'Well, come along with me, then,
said Rover Dog. "I bet you do not
know which way to reach home.
Tom Kitten confessed he did not, but
he followed Rover Dog as he led the
Copyright, 1914. by the McClure Newspaper
syndicate, jew lom wu.
Tomorrow's story "Tom Kitten Be
comes a Real Hunter."
Copyright The Adams Newspaper Service.
4 IFE," said Marian Winthrop, "is
La so hard to understand."
"That's because we find it hard to
understand ourselves. Life is what we
make it." answered Challoner.
"I don't think so at all. That dancer,
for instance, at the cabaret was not
there because she wanted to be, but
because she had to be. We seem to be
ruled by the inevitable, dragged into
certain paths, hurled Into certain dt.
"Partially," admitted Challoner, "but
aren't we ruled because we refuse to
seize the flying reins and assume con
trol ourselves? Don't we do the things
we think we have to do, and refrain
from doing the things we really want
to do, until finally the habit gets hold
of us and we actually begin thinking
of ourselves as puppets in the ebb and
flow of chance?"
Challoner's convincing, magnetic
words, flowing on, always impressed
Marian Winthrop and held her atten.
tion. whatever the subject under dis
cussion. Tonight, as he walked at her side,
taking her back to her hotel, her
thoughts flew suddenly on into the fu
ture, into the bleak, vague, undefined
future. She was painfully conscious
that whirling changes were in store
for her; changes that would sweep this
man and his golden friendship out of
the circumference of her life. The
thought was sharp and painful, like
the thrust of a knife. She caught her
breath, conquering a moan. She was
not yet ready to face utter loneliness
again. The thought overwhelmed and
"What I was saying is absolutely
true," continued Challoner. as though
divining Marian's groping thoughts
and endeavoring to cheer and steady
her. "We allow inertia and fear and
what not to grip and control us. The
result chaos, regrets, whole lifetimes
of suffering and chagrin. It requires
bravery to be one's self. We veneer
ourselves over with deceit and then
wonder that we get so little out of
"Perhaps," agreed Marian dreamily
"Y-ou and I. for Instance," said Chal
loner, with sharp abruptness. "We
stand cowering back ot absurd oonven
tions, afraid of the truth, afraid to
look squarely into our hearts.
"What do yon mean?" demanded
Marian with a strange trembling lay
iner hold of her.
"Tou know," said Challoner. "and 1
know. But I'm going to say it never
theless. I'm going to say What I've
withheld because I didn't have the
courage to face the truth squarely, no
less than because I feared you were
unwilling to face it. Now I'm going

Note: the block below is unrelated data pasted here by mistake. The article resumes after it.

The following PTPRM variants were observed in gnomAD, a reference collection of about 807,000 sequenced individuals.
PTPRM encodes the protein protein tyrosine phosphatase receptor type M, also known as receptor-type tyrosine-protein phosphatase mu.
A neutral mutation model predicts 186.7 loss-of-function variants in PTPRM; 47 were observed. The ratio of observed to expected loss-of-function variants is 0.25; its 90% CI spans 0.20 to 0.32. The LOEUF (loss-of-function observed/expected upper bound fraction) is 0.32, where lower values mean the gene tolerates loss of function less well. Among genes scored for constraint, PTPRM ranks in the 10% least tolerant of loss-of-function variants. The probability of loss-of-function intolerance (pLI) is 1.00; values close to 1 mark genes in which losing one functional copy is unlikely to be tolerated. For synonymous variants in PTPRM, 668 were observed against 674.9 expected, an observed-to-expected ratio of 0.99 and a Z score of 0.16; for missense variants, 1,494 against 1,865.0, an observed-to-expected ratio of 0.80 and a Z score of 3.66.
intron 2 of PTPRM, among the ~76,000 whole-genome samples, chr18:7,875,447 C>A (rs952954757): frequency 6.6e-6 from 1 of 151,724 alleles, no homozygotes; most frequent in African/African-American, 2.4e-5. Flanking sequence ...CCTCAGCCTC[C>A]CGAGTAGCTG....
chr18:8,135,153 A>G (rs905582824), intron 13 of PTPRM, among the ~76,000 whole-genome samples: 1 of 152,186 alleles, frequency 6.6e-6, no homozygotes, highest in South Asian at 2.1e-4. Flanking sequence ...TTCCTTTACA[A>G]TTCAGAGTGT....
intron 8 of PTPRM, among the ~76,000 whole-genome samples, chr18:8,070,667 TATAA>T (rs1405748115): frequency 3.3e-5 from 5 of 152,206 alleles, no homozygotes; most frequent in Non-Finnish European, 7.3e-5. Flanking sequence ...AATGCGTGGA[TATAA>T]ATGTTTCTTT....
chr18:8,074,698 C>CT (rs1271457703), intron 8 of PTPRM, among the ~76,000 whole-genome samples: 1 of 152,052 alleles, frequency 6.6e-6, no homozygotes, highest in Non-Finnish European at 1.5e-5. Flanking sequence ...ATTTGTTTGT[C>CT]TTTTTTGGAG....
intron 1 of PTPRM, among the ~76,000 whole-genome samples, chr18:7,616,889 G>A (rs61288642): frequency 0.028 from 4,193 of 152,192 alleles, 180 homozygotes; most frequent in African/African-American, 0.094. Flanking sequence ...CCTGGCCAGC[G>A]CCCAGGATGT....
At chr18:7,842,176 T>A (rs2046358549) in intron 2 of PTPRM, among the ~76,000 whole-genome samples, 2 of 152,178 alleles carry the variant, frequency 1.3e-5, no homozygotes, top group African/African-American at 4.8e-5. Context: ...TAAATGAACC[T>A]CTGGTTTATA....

to speak. I love you, Marian "
"Oh, don't, don't," moaned the girl.
"And you love me," he spoke on. pay
ing no attention to her warning. "We've
been drawn to each other by mevitaoie
forces chance, temperament, the
things that happened to us long be.
fore we ever saw each other, and yet
we stand like puny, self-constituted
guards at the flood gates and try to
hold back the tides."
"Don't, please don't," pleaded Marian.
terrified at the man's sentences. "You're
married. Mr. Challoner. Besides, it
Isn't true what you're saying it isn't
"It's true, every word, and you know
it. I know it's true of myself, and I
know that It's true of you. My mar-
riatre must be ended. I can see it
clearly, and shall attend to it."
. Barbara Boyd.
Interesting Everyday People The
SHE came riding up on her bicycle to
get a package of laundry. She
leaned the wheel against the curbing
and came in. She looked so warm and
tired, she was invited to sit down a
while and rest.
"Have you been taking a long ride?"
"Yes, ma'am. I've- been about 20
miles and there were sofne pretty step
hills. I went all around by the beach."
She mopped her face with an already
She was small, freckled, with an in
consequential snub nose i and little
watery blue eyes. She wore an old
battered straw hat, a faded blue gala
tea skirt,- dusty shoes, an inexpensive
white lawn shirtwaist. She was not at
all an attractive figure as- she sat, al
ternately fanning herself and mopping
her face with her damp handkerchief.
Her countenance scarcely expressed in
telligence above that required to wash
clothes clean and iron them carefully.
"I have been getting some sea mosses
and ferns. Did you ever see any of
"Not many," was the reply. Are
"I will show you what I have gath
She hurried out to her wheel, got a
rusty tin box that was lying in a wire
t i... ntt,.hui t tho hlt-vnlo frame
and came in. She asked for some
newspapers, spread tnem out on me
floor, opened her box and displayed her
And then the laundress disappeared
and the collector and scientist took her
Every one of those delicate, fairy
like sea mosses she knew by name.
She asked for a plate of water and in
it she Moated the exquisite rose and
lavender and brown and green bits of
.....I amavwraasl UnH lf.ln she IIaJ
luuaa mivi. oca. t. ...... r --
gathered, delicately picking out with
her hatpin every tiny icnani uum nm
. t 1 ..... flnatul nprf cot v.
IVUUlt: Birei-uiicu " - m
showing against the white of the plate
every aetaii ot us ianj-ime s,.. -v...-. v